Although the annual Southern Heritage Classic in Memphis is a football game, Black college football classics are never JUST football games. It’s just as much about the pageantry and battling of the drumlines, bands and majorettes, the cameraderie and fun, good food and general good times. The Jackson State University Sonic Boom of the South is consistently one of the best marching bands in the Southwestern Athletic Conference, and Tennessee State’s Aristocrat of Bands is also well-known and well-regarded. In addition to the mandatory halftime show, bands from Black colleges often engage in an after-game ritual known as the “Fifth Quarter”, in which the two bands compete for crowd acclaim by playing tunes back and forth at each other after the game. Although this tradition has been somewhat restricted and shortened in recent years, it is still very much a part of the Black college football tradition.
The Star Steppers are yet another popular youth majorette program, and the drummers they marched with this year in the Southern Heritage Classic parade were the famous Baby Blues, who are probably Memphis’ best-known and most well-travelled youth drumline.
The Millennium Madness Drill Team & Drum Squad is one of Memphis’ premiere drill teams, and one of the few that still gives young men an opportunity to be drummers. Here they are in this year’s Southern Heritage Classic Parade in Orange Mound, 9/14/13
The Talladega College Marching Band is actually quite good, and has been a frequent visitor to Memphis over the last several years, appearing in the Southern Heritage Classic Parade, local band battles, and the Whitehaven Christmas Parade last year.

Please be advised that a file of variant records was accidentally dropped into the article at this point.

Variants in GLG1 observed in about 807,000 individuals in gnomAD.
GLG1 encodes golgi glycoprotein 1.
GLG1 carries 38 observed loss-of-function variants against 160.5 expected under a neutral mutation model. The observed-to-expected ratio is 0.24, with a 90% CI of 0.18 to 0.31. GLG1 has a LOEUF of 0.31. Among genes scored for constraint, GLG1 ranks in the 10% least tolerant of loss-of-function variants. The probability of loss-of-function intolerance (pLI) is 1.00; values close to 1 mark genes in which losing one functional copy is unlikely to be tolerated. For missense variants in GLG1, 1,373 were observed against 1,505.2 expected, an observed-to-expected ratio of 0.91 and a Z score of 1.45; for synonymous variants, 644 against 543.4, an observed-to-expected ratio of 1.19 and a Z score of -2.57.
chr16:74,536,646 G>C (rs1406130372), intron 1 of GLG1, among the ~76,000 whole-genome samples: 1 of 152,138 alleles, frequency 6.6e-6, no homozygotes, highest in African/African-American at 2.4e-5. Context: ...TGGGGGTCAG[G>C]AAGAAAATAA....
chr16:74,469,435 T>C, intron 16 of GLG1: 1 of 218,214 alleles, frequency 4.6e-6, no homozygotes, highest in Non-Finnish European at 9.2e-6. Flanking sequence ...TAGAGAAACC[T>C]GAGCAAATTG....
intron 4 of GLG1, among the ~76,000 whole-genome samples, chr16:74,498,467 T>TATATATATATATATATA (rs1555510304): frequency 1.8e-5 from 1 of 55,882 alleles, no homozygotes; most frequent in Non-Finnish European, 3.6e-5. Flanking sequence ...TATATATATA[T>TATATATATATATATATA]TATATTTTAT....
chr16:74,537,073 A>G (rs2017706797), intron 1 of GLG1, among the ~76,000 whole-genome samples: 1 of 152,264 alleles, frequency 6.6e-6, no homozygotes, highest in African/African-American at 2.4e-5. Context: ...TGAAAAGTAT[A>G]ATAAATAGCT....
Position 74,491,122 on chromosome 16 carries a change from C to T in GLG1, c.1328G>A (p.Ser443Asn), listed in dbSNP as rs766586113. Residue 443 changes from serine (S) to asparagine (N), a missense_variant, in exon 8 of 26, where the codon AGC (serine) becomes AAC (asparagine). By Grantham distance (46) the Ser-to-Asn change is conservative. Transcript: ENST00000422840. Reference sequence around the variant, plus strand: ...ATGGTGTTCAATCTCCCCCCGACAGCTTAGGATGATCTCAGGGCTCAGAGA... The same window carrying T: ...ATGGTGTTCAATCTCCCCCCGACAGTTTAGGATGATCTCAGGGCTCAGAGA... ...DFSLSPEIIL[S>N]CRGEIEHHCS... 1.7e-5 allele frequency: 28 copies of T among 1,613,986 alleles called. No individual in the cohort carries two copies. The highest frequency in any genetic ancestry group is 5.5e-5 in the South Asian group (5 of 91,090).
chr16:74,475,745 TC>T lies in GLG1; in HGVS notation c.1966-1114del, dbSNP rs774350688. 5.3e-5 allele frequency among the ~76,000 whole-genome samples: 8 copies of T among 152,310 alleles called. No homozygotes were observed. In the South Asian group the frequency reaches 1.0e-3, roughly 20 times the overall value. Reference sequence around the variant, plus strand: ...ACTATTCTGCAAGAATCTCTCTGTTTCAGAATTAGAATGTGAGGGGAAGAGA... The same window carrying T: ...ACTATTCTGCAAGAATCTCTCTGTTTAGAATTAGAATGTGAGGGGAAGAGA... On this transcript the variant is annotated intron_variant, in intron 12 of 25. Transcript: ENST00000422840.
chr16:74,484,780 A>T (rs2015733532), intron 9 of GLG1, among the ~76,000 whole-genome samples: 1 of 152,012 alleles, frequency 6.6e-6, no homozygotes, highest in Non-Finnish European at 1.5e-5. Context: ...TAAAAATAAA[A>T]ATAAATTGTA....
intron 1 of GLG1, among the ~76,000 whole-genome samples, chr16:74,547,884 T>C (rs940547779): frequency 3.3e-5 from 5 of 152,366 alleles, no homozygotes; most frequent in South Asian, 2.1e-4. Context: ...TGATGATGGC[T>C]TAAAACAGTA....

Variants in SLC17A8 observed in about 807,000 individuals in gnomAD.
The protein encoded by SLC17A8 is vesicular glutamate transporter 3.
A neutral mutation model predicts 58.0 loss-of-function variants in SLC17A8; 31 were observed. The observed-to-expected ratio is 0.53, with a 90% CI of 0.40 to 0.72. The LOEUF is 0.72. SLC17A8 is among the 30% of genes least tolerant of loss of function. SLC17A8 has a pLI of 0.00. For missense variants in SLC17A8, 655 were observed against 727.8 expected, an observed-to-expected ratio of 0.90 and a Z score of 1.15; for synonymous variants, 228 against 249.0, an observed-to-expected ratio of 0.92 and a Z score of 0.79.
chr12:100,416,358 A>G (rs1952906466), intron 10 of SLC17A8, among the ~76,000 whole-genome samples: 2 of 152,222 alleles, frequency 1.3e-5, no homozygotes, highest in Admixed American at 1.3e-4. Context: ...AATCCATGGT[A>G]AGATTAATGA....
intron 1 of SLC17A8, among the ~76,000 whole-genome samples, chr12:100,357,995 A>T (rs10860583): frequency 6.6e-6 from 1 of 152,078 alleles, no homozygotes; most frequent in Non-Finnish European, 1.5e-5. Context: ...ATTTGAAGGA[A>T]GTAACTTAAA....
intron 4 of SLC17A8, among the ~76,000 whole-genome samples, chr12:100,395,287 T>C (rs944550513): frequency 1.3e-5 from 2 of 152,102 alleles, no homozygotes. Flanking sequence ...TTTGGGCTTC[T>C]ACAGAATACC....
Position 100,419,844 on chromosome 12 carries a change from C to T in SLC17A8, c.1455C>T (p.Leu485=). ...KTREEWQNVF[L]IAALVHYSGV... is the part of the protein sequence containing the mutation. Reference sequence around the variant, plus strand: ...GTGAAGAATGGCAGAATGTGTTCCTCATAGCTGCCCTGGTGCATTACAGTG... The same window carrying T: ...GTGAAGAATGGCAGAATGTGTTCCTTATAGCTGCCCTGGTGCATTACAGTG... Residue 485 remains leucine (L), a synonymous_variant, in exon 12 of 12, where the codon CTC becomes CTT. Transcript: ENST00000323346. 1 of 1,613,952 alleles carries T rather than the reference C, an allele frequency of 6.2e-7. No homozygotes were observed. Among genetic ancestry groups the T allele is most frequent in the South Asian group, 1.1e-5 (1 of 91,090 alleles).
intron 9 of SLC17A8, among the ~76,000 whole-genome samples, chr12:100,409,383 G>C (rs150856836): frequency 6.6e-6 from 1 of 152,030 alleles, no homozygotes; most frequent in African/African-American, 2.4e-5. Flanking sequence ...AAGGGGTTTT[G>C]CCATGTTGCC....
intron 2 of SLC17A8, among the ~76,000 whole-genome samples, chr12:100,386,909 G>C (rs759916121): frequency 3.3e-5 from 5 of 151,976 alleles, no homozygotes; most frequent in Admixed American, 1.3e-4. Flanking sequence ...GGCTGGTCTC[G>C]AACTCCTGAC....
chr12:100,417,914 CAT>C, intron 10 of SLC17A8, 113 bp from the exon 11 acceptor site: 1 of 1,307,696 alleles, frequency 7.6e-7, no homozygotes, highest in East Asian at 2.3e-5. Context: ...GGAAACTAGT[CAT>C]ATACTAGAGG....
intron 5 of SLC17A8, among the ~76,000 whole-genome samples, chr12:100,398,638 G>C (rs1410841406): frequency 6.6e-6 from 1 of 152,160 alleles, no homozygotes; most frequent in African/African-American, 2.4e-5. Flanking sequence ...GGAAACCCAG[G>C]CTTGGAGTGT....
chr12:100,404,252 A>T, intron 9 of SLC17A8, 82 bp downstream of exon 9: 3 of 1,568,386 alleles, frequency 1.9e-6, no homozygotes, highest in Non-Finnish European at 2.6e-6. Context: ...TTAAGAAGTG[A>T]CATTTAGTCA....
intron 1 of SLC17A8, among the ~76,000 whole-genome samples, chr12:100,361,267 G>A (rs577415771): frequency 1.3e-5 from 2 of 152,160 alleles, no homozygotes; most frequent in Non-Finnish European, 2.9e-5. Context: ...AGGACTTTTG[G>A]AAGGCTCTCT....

Each year, Southern Heritage Classic day begins with a parade down Park Avenue in Orange Mound, featuring a number of bands, drumlines, majorettes, drill teams, custom cars, floats, Cowboys and Steelers fan clubs, and, of course, politicians, both those already in office, and those running for office. The DJs at Club Memphis always set up their equipment on the parking lot out front and start the day off with good southern soul, and by 10 AM, both sides of the street are usually lined with spectators. The parade starts at Melrose High School and proceeds west to the intersection of Park and Airways, where it disbands.
Friday night I headed down to Melrose to see the Melrose and Kirby game, but I discovered when I got there that Kirby High School had not brought their band to the game, and since I had already seen Melrose this year, I headed on to Crump Stadium to see the Central/Whitehaven game. Both of these schools have relatively large bands this year, and both were in full battle mode all night. Central’s band is known as the Sound of Midtown, and is a young program that seems to be on the right track. Whitehaven, known as the Sounds of Perfection, is an incredibly-large high school band that could easily rival many colleges, and is one of the best high-school bands in the country. Unfortunately, perhaps because of the tense, close football game, there was no “fifth quarter” afterwards, with Whitehaven’s band leaving the stadium immediately after time had run out.